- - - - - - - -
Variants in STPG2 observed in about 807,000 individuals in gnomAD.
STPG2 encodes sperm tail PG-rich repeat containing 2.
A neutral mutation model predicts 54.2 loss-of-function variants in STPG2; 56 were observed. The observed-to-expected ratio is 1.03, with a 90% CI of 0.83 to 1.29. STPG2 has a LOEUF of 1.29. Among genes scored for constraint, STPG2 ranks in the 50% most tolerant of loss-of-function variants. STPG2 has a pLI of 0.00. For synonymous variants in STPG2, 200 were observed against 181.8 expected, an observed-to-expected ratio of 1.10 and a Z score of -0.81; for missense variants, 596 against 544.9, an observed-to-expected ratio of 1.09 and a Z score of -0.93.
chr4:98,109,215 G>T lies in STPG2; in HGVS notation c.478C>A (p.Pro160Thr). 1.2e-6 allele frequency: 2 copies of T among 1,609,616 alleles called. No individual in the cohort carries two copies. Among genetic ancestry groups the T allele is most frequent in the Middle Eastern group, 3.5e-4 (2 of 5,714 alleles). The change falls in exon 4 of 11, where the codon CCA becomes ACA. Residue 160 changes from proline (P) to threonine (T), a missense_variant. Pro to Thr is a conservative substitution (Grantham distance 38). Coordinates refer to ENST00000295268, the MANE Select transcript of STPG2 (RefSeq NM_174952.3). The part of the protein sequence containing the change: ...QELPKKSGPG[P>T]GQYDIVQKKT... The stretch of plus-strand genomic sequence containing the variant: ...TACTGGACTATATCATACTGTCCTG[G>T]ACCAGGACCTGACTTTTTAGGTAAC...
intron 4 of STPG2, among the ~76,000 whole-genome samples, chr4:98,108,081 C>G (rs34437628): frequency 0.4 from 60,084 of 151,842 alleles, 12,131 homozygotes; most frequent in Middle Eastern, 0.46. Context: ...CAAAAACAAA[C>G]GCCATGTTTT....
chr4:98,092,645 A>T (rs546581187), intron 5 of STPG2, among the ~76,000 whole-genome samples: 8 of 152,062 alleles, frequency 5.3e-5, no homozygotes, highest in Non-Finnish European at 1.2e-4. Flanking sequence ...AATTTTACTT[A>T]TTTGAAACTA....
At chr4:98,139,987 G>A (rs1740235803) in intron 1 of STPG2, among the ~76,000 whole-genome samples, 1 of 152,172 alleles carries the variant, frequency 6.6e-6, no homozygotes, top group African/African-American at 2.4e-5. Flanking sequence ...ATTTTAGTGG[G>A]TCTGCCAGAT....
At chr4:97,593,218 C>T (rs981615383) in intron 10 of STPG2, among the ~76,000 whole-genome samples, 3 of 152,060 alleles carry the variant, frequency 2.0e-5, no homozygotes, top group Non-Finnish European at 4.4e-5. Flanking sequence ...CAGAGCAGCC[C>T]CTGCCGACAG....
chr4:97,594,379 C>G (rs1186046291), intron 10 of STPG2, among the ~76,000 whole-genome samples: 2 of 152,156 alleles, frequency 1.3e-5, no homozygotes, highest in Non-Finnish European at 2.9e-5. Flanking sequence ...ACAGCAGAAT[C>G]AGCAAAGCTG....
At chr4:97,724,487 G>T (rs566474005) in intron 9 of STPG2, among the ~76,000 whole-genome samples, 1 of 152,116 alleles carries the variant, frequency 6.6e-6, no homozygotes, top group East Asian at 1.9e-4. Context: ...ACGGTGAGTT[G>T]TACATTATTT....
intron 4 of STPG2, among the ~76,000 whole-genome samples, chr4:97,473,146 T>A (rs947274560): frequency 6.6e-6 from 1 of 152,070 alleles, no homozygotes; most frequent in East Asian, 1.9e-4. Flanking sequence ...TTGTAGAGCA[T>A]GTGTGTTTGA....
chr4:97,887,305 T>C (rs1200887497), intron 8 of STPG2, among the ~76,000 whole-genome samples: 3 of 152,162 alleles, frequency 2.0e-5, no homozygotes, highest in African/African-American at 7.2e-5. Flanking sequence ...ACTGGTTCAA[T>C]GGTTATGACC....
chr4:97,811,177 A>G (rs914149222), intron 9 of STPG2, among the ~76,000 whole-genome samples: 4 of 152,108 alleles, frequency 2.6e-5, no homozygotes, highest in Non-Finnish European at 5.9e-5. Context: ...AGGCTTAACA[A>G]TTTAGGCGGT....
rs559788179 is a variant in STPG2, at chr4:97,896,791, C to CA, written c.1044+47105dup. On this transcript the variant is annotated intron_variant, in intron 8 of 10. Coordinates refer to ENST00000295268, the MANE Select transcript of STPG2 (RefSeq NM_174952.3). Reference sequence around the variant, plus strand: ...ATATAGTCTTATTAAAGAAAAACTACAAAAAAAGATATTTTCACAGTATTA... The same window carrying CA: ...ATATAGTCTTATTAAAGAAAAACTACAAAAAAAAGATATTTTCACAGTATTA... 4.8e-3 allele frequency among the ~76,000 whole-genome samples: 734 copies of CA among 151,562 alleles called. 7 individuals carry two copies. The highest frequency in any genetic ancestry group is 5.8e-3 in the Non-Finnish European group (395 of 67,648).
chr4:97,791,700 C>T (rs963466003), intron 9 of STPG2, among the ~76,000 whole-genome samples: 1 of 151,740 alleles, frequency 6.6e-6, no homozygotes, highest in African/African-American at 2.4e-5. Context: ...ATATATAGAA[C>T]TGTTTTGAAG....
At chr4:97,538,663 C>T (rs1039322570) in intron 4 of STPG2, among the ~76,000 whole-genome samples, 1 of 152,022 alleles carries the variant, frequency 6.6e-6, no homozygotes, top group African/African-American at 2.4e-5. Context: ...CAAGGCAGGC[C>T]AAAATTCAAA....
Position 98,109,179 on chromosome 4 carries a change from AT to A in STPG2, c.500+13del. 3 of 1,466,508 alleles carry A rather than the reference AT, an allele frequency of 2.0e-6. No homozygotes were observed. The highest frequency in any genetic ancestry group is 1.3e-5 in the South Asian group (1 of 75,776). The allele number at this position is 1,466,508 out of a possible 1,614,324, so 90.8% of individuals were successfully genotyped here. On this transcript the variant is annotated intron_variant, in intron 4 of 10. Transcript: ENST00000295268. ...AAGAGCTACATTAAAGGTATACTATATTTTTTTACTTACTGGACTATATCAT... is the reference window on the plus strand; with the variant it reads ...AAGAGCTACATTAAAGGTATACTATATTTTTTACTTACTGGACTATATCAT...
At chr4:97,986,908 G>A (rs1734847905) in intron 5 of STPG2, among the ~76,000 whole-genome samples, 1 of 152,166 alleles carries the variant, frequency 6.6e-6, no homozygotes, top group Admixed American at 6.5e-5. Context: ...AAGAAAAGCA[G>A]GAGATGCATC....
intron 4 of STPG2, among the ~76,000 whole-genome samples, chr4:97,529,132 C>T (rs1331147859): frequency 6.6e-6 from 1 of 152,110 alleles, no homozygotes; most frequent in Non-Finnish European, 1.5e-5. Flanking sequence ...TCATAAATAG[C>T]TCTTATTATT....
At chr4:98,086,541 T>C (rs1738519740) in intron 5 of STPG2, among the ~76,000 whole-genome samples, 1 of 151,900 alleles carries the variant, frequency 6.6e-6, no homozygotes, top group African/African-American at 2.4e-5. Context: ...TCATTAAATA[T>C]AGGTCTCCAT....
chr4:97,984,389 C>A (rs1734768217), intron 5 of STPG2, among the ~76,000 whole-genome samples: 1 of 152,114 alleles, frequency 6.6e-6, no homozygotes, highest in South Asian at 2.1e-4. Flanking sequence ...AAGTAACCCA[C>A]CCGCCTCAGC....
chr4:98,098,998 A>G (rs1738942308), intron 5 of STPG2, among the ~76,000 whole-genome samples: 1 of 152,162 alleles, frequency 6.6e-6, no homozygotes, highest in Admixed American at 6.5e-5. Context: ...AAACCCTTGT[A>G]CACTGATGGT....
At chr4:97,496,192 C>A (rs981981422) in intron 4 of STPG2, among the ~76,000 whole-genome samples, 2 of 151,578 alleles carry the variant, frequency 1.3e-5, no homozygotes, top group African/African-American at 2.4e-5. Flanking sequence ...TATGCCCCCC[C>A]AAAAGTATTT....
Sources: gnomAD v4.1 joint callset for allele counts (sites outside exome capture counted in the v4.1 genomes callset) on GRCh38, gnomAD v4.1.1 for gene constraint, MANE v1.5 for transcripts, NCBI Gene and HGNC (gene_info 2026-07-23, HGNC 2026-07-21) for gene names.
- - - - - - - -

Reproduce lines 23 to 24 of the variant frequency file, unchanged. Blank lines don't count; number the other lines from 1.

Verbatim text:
At chr4:97,496,192 C>A (rs981981422) in intron 4 of STPG2, among the ~76,000 whole-genome samples, 2 of 151,578 alleles carry the variant, frequency 1.3e-5, no homozygotes, top group African/African-American at 2.4e-5. Flanking sequence ...TATGCCCCCC[C>A]AAAAGTATTT....
Sources: gnomAD v4.1 joint callset for allele counts (sites outside exome capture counted in the v4.1 genomes callset) on GRCh38, gnomAD v4.1.1 for gene constraint, MANE v1.5 for transcripts, NCBI Gene and HGNC (gene_info 2026-07-23, HGNC 2026-07-21) for gene names.